So, by offering choices in school, children’s confidence can grow and they feel more in control of their learning journey. A miserable child will not be able to excel in their studies, but one that is emboldened through choices will. These choices don’t have to be complex, it can be as simple as which color writing book would you like? Or even, would you like to do addition or subtraction today?
Incorporate Movement and Outdoors Time
Let the children move. It really is that simple. Kids were never meant to sit still, as it goes against their natural functions. Make sure there is space in every school day for free movement time, and play outdoors. Acknowledge that sitting still at a desk or a mat is all but impossible for certain children and never enforce this all day long. Outdoor learning is a health boost, encourages a more active lifestyle generally, and takes the learning focus outside of the four walls of the classroom.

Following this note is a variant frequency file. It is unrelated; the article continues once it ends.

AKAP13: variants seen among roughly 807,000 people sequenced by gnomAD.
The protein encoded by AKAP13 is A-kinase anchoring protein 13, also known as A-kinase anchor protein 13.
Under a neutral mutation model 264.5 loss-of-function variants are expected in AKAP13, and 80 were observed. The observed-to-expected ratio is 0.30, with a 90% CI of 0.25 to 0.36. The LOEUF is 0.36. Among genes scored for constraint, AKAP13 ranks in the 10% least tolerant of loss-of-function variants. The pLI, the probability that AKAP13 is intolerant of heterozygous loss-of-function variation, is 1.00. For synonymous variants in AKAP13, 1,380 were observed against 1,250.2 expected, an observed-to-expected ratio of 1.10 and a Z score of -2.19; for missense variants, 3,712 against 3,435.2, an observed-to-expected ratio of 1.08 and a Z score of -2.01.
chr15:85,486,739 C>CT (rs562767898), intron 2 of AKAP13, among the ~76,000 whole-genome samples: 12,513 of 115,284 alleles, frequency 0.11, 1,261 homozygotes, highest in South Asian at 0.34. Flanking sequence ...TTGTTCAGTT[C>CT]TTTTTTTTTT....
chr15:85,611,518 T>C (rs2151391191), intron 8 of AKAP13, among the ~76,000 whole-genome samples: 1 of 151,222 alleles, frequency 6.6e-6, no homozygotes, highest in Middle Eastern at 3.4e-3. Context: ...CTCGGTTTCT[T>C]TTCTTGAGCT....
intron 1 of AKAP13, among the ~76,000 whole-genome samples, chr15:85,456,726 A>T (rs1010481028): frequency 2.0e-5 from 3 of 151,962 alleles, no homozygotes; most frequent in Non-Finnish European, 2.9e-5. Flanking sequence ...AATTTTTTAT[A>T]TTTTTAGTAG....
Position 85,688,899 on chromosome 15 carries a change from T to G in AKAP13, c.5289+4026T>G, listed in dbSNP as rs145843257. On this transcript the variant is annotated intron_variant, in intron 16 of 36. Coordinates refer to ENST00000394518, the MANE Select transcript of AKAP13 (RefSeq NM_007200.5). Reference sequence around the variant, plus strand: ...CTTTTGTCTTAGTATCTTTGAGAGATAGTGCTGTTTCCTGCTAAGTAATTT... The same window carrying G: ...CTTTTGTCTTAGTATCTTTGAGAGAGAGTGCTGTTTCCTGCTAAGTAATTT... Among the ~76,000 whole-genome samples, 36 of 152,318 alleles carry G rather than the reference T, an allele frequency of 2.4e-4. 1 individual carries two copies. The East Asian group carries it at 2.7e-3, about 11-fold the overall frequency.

Arts and Crafts – Always
Finally, give the kids time to explore arts and crafts materials. It is likely that at this age, art skills are still being established. Making pictures is fun, and it can be incorporated into the wider learning objective easily. Drawing and painting teach essential dexterity skills, coordination, concentration, and idea generation in an experimental manner.
Freestyle expressive sessions with an arty focus are a brilliant way to break up the school day. Even if things get a little messy, that’s okay, it’s all a part of the fun. It also teaches them how to tidy up and take responsibility.
Learning can be fun, and it should be especially for young learners in the first grade. These are some of their fundamental first experiences in school and some students will already be disenchanted, unfortunately, at this early stage.